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Here’s one to watch out for: The U.S. FTC is warning consumers and businesses to be aware of scams stemming from the BP oil spill in the Gulf of Mexico. The scams are likely to come in the form of real world (including phone calls, door-to-door collections, and flyers) as well as online dangers (including e-mail, websites, and social networking sites).
In its monthly advance notification, Microsoft told us that it planned to release a gigantic Patch Tuesday this week.
The June 2010 security updates, now here, are the largest patch push for Microsoft so far this year, with 10 bulletins – fixing 34 vulnerabilities, including critical flaws in DirectShow and the Internet Explorer browser.
The FIFA World Cup, known to be the world’s most widely-viewed sporting event, begins this week, on June 11.
A growing trend seen by online security experts is for scammers to take advantage of the latest breaking news and major worldwide events to distribute malware and con potential victims. And, unfortunately, the World Cup is a prime opportunity for cyber criminals to do just that.
How can you avoid becoming the latest victim?
Here’s the latest in social media privacy news –
The Wall Street Journal, citing an AT&T Labs and Worcester Polytechnic Institute paper, has reported that a “privacy loophole” found on social networking sites, including Facebook and MySpace, allowed for data to be shared with advertisers that could potentially be used to identify users – in spite of promises from the companies that user information is not shared without specific consent.
Last June, the United States Federal Trade Commission (FTC) broke the news that it had shut down a notorious rogue Internet service provider that was accused of actively participating in hosting and distributing spam-spreading botnets, phishing sites, spyware, child pornography and other illegal content.
Facebook, the world’s largest social networking site, has taken a lot of heat recently over its attitude towards the privacy and security of its 400 million users around the globe. Criticism has been prompted by changes to the site’s privacy settings, including an ‘instant personalization’ feature that allows approved third party sites (like Yelp and Pandora) to automatically import profile information.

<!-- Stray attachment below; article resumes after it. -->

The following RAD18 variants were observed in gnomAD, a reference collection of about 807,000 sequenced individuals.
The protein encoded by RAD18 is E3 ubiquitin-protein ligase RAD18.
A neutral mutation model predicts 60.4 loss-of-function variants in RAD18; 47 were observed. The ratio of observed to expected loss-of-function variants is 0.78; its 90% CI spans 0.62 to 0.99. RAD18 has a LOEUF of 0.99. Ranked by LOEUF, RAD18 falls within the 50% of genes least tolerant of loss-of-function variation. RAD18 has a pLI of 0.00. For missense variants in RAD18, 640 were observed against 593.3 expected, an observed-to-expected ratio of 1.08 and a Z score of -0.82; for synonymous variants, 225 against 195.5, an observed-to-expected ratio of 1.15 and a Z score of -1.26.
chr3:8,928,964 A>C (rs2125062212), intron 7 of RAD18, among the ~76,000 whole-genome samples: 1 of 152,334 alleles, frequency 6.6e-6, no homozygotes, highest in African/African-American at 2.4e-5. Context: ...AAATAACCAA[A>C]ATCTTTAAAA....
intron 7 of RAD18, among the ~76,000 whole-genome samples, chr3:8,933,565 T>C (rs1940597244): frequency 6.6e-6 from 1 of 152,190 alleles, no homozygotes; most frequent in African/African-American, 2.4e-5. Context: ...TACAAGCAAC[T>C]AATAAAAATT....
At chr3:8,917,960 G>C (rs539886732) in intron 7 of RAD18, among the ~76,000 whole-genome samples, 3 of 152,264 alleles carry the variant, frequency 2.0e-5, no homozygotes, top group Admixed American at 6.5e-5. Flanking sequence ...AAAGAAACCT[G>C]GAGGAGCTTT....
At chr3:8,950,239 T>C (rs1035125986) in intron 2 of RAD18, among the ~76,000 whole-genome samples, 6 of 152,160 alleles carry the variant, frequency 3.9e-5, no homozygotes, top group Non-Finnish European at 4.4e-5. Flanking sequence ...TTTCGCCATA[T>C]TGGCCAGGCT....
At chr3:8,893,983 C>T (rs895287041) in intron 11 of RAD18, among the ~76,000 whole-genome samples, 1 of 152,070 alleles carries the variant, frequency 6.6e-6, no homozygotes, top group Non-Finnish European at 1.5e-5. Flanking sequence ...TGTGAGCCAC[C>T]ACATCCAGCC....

The Anti-Phishing Working Group (APWG), a non-profit group committed to wiping out Internet scams and fraud, released a new phishing analysis this week showing some interesting trends in online crime.
Microsoft has said that it will be releasing two security bulletins today, on Patch Tuesday, to fix vulnerabilities in Windows and Office.
Here’s what we know from Microsoft's advance notification for May: both of the updates are rated critical, and will address remote execution vulnerabilities; the bulletins affect Microsoft Windows 2000, XP, Vista, Windows 7, Server 2003 and Server 2008, Microsoft Office, and Microsoft Visual Basic for Application and Visual Basic for Applications software development kit.
Need help on understanding patches, and updating your system? Learn more in the latest issue of Lavasoft News, where we take a look at why it’s important to keep your system and software updated – and how to do it.
Consumer Reports has unveiled the findings of its annual “State of the Net” report, a survey of 2,000 online U.S. households.
What did this year’s report find? Overall, more people are using social networking sites (almost double the amount from last year’s findings), but are doing so without enough thought to privacy and security (more than half of social network users share private information about themselves online, opening themselves up to a variety of online risks, like identity theft).
Here are a few of the key findings from the State of the Net 2010: